The future of copyright protection in fashion may be decided by cheerleading uniforms.
The Supreme Court began oral arguments yesterday on Varsity Brands vs. Star Athletica, a case that may have significant implications for the fashion industry. The nation’s highest court will rule on copyright law on specific designs that are historically emblematic of cheerleading uniforms, namely chevron, stripes and zigzag patterns. The case has fostered discussion about the meaning of intellectual property in fashion and spurred the chief justices to consider legal issues pertaining to design.
Here’s what the lawsuit means for the fashion industry:
Varsity Brands, which is the largest manufacturer of cheerleader uniforms in the U.S. and valued at an estimated $1 billion, is suing competitor Star Athletica for appropriating its signature stripes and chevron designs on its own uniforms. The case will determine whether Varsity Brands should maintain copyright on its classic design or if competitor brands should be allowed to produce similar uniforms on the basis that the featured designs are critical to identifying the outfits as cheerleaders’ dresses.
Two of Varsity Brand’s registered designs under copyright. They have five in total.
In its brief, Star Athletica wrote that, without these patterns, each ensemble it produces will be nothing more than a “ubiquitous little black dress.” In oral arguments yesterday, the company’s lawyer John Bursch asserted that the chevron and zigzag designs hold a utilitarian function of making cheerleaders identifiable. “Congress did not intend to grant a century-long copyright monopoly in cheerleader uniform design,” he argued.
OK, so what’s currently protected?
Existing protocols are fairly lax; while specific fabric patterns and designs are protected under copyright, physical properties of garments, including pockets and necklines, are not fully protected.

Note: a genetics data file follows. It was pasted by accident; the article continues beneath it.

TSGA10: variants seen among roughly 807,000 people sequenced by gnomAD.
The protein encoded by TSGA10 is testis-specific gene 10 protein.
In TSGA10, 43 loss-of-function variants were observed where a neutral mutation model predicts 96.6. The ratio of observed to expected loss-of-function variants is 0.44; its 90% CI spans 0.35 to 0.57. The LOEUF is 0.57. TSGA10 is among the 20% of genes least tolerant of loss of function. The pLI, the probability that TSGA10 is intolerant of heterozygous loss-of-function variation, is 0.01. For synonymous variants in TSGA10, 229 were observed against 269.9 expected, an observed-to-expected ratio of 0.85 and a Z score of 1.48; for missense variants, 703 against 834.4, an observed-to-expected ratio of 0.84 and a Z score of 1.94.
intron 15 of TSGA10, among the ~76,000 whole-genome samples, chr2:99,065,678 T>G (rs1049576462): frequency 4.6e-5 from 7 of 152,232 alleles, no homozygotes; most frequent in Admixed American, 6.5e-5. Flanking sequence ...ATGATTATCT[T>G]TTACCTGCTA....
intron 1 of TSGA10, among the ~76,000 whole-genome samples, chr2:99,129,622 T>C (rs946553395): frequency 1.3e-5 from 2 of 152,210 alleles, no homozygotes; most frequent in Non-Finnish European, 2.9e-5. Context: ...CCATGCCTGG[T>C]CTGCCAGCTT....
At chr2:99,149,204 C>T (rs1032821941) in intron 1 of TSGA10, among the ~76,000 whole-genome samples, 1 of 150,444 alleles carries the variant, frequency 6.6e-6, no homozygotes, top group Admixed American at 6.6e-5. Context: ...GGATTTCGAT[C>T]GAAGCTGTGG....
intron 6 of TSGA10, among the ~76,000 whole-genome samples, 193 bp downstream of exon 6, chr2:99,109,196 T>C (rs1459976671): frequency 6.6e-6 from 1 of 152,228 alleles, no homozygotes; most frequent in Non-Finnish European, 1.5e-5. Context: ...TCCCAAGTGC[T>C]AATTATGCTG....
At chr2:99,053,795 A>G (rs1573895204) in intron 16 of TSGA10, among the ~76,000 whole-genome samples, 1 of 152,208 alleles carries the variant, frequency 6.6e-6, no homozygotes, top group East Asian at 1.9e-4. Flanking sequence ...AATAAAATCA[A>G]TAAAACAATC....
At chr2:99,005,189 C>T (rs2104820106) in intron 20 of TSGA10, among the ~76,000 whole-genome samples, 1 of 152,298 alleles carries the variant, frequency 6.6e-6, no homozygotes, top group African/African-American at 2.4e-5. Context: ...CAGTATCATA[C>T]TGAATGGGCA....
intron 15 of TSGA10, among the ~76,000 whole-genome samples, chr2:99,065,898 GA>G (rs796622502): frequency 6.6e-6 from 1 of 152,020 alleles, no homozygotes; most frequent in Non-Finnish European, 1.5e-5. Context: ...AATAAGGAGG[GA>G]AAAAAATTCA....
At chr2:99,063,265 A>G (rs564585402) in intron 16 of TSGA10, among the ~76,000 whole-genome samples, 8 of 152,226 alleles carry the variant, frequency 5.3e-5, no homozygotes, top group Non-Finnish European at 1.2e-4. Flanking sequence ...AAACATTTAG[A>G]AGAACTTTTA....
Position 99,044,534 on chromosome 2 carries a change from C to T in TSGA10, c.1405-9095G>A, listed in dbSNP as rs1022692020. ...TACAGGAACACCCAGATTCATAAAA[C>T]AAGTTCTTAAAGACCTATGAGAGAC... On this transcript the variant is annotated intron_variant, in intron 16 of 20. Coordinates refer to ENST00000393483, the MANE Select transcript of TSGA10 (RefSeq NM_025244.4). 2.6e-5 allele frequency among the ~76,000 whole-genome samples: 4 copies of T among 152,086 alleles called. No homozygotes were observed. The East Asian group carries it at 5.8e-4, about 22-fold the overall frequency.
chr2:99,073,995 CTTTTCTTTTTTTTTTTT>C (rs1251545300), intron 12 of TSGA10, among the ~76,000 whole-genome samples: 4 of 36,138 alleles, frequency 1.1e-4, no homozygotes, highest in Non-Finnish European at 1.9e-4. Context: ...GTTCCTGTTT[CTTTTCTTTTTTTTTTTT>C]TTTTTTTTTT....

But why is the Supreme Court involved?
In 2015, the United States Court of Appeals for the Sixth Circuit in Cincinnati came back with a split opinion over whether the the designs should be copyrighted. However, it agreed that Varsity Brands passed the court’s existing precedent of the “separability test,” which maintains that “the design of a useful article is protectable if it is not dictated by, or necessary to, utilitarian or functional considerations.”
While Varsity claims its two-dimensional designs are separate from the physical dress itself, Star asserts that the patterns are integral to uniform design and maintain a utilitarianism that is essential to the garment.“We don’t contest that Varsity could take these designs and put it on a notebook, put it on a lunchbox, put it on a hat, and no one could copy that. That’s clearly within the subject matter of their copyright. What they can’t do is prevent someone from making the entire uniform.”
What does the fashion industry think about all of this?
The Council of Fashion Designers of America filed an amicus brief, a legal document filed in court by non-contenders with a vested interest in the case, in support of Varsity Brands. The CFDA claims that by ruling with Star, the court would continue to compromise the limited copyright protection against designers and breed a climate that would make them “defenseless against copyists,” according to The New York Times.
Fashion designers, particularly smaller independent artists, are often susceptible to theft, and a rule in Varsity’s favor would establish more stringent protection protocols. Despite the prevention of copycats, Justice Sonia Sotomayor seemed wary about a rule for Varsity.
“You’re killing knockoffs with copyright,” she said. “You haven’t been able to do it with trademark law. You haven’t been able to do it with patent designs. We are now going to use copyright law to kill the knockoff industry. I don’t know that that’s bad. I’m just saying.”
What happens next?
The justices will continue to hear arguments before issuing a ruling that may set a precedent about what constitutes copyrightable fashion designs. As Justice Stephen Breyer noted during yesterday’s oral arguments, slapping copyrights on common designs will not only establish more stringent design protocols for existing brands that share similar styles, but it will also increase costs.
“All women’s clothes have design. All men’s clothes have design. If suddenly in this case we say that dresses are copyrightable, and they are because every one of them has some design, perhaps we’ll double the price of women’s clothes,” he said. “Now if that’s … that’s, I think, the thrust of the question, and that is a practical question.”